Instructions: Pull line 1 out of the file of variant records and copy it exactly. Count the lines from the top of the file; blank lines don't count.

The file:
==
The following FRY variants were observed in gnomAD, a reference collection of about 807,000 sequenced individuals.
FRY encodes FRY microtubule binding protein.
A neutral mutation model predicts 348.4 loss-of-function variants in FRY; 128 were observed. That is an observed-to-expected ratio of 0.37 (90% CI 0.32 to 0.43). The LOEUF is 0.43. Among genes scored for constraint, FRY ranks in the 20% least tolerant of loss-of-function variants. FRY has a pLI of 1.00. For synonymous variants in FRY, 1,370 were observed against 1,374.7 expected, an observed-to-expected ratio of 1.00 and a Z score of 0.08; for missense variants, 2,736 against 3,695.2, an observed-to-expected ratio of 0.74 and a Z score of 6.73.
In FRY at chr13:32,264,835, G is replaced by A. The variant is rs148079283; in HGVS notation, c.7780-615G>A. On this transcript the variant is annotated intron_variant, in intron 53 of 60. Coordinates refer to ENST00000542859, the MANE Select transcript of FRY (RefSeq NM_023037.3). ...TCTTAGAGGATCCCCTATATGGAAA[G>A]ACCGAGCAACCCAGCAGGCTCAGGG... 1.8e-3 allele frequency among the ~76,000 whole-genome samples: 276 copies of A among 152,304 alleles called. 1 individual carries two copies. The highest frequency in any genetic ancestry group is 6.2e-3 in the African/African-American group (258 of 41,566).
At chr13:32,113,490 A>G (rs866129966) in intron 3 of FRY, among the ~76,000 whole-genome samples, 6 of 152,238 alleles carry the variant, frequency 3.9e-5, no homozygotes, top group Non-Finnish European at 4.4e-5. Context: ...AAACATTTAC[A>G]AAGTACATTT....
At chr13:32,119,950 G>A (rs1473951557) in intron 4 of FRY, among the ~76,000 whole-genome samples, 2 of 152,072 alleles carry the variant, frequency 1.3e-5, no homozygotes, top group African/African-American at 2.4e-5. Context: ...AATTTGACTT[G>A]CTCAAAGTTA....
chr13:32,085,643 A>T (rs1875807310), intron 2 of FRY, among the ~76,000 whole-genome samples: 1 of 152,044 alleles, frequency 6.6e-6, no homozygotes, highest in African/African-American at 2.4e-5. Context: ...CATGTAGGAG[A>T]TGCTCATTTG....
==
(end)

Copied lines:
The following FRY variants were observed in gnomAD, a reference collection of about 807,000 sequenced individuals.